'That's right. Now, then, what is it about, dear?' 'About—well, it is a romance of the Middle Ages.' 'Knowing nothing of the present age, which everybody knows about, for safety you chose an age known neither to you nor other people. That's it, eh? No, no; I don't mean it, dear.' 'Well, I have had some opportunities of studying mediaeval art and manners in the library and private museum at Endelstow House, and I thought I should like to try my hand upon a fiction. I know the time for these tales is past; but I was interested in it, very much interested.' 'When is it to appear?' 'Oh, never, I suppose.' 'Nonsense, my dear girl. Publish it, by all means. All ladies do that sort of thing now; not for profit, you know, but as a guarantee of mental respectability to their future husbands.' 'An excellent idea of us ladies.' 'Though I am afraid it rather resembles the melancholy ruse of throwing loaves over castlewalls at besiegers, and suggests desperation rather than plenty inside.' 'Did you ever try it?' 'No; I was too far gone even for that.' 'Papa says no publisher will take my book.' 'That remains to be proved. I'll give my word, my dear, that by this time next year it shall be printed.' 'Will you, indeed?' said Elfride, partially brightening with pleasure, though she was sad enough in her depths. 'I thought brains were the indispensable, even if the only, qualification for admission to the republic of letters. A mere commonplace creature like me will soon be turned out again.' 'Oh no; once you are there you'll be like a drop of water in a piece of rock-crystal—your medium will dignify your commonness.' 'It will be a great satisfaction,' Elfride murmured, and thought of Stephen, and wished she could make a great fortune by writing romances, and marry him and live happily.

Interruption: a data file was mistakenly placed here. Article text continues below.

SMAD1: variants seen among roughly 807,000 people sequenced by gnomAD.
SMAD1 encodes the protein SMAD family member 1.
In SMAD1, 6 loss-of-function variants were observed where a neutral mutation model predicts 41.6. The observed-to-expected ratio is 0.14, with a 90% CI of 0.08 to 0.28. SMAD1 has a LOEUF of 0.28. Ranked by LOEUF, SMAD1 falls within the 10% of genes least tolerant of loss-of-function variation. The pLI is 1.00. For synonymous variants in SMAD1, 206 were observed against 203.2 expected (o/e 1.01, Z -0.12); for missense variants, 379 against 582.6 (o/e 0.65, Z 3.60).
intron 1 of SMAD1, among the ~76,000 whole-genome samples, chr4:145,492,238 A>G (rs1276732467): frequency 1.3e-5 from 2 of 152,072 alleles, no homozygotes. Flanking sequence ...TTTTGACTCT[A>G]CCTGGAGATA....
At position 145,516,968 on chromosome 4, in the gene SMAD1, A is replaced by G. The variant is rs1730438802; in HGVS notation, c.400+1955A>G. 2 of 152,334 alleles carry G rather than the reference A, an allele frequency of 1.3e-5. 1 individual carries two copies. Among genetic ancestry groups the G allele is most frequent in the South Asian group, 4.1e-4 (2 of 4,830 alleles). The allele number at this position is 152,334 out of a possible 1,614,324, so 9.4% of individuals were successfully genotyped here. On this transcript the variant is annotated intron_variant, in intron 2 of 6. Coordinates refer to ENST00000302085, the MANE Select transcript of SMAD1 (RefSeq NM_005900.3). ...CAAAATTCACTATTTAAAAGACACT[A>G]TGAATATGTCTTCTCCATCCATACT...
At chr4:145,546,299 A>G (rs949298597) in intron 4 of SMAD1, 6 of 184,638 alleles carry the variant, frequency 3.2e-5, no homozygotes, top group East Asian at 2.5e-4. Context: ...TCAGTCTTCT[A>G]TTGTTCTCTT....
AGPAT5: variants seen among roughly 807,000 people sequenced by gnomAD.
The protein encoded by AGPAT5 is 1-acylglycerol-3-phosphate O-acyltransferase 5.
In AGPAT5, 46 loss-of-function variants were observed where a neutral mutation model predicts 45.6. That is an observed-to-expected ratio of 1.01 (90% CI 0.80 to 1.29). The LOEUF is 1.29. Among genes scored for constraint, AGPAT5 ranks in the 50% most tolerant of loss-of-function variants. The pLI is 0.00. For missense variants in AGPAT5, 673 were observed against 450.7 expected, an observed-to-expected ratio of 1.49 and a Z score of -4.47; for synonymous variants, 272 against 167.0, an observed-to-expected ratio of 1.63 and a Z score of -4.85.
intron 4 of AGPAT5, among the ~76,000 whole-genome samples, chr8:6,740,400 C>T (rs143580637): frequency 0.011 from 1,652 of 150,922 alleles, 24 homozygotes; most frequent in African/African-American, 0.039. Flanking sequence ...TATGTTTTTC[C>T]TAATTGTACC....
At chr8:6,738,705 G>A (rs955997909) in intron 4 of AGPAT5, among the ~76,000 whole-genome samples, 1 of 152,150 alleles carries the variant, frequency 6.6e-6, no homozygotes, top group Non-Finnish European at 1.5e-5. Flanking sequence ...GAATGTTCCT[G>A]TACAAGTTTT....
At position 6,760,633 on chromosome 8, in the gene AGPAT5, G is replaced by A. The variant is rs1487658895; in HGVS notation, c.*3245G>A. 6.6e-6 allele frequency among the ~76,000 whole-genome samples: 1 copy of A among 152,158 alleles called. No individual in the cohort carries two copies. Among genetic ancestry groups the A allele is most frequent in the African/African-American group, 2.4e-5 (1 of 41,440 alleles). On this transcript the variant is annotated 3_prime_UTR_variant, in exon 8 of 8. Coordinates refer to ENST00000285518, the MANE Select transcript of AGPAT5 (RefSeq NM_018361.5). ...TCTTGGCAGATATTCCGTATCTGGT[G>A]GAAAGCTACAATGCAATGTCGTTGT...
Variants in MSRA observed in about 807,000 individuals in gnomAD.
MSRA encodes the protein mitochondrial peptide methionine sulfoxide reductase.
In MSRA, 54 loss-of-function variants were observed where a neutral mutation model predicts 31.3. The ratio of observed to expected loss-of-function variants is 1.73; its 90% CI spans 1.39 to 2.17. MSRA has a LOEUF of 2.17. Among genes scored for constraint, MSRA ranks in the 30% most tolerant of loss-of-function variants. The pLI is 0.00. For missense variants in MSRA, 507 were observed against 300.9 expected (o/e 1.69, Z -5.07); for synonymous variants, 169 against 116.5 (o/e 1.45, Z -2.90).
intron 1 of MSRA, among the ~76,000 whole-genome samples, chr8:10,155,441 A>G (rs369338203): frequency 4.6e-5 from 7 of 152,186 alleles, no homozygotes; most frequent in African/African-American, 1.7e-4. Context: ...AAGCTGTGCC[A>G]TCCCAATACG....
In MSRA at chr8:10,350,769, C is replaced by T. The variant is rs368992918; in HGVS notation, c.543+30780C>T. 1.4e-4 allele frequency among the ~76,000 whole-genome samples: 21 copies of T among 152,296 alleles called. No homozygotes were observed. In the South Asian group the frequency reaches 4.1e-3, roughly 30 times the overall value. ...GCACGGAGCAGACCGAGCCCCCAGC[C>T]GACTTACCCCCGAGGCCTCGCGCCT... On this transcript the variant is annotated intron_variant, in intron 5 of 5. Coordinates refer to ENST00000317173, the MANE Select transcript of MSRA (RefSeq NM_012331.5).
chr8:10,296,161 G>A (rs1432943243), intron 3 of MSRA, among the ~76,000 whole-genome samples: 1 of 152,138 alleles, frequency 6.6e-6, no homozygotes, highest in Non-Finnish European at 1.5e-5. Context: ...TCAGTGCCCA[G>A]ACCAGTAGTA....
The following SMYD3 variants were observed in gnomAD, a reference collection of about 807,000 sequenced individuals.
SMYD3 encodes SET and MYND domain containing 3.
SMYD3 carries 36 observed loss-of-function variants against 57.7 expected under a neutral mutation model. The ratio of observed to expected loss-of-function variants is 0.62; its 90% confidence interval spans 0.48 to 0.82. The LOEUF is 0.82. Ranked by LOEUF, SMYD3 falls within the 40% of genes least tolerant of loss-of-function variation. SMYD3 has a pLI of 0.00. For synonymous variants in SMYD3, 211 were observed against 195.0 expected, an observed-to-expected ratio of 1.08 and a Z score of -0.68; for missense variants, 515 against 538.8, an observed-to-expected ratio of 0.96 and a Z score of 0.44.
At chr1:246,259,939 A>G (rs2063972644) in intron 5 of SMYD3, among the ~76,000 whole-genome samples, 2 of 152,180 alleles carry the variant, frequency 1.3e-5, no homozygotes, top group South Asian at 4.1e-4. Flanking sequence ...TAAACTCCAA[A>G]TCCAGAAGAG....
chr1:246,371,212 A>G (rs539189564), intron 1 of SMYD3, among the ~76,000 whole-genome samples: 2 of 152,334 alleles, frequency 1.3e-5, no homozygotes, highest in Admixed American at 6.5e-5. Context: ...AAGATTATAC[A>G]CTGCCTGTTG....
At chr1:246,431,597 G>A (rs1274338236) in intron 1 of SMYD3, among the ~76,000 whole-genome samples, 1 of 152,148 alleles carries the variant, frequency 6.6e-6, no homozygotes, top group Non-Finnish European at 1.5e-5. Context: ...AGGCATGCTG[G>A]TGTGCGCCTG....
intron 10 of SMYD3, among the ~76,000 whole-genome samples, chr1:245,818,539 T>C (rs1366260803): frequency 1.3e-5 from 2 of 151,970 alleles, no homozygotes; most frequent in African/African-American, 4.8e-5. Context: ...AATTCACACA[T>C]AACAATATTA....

'And then we'll go to London, and then to Paris,' said Mrs. Swancourt. 'I have been talking to your father about it. But we have first to move into the manor-house, and we think of staying at Torquay whilst that is going on. Meanwhile, instead of going on a honeymoon scamper by ourselves, we have come home to fetch you, and go all together to Bath for two or three weeks.' Elfride assented pleasantly, even gladly; but she saw that, by this marriage, her father and herself had ceased for ever to be the close relations they had been up to a few weeks ago. It was impossible now to tell him the tale of her wild elopement with Stephen Smith.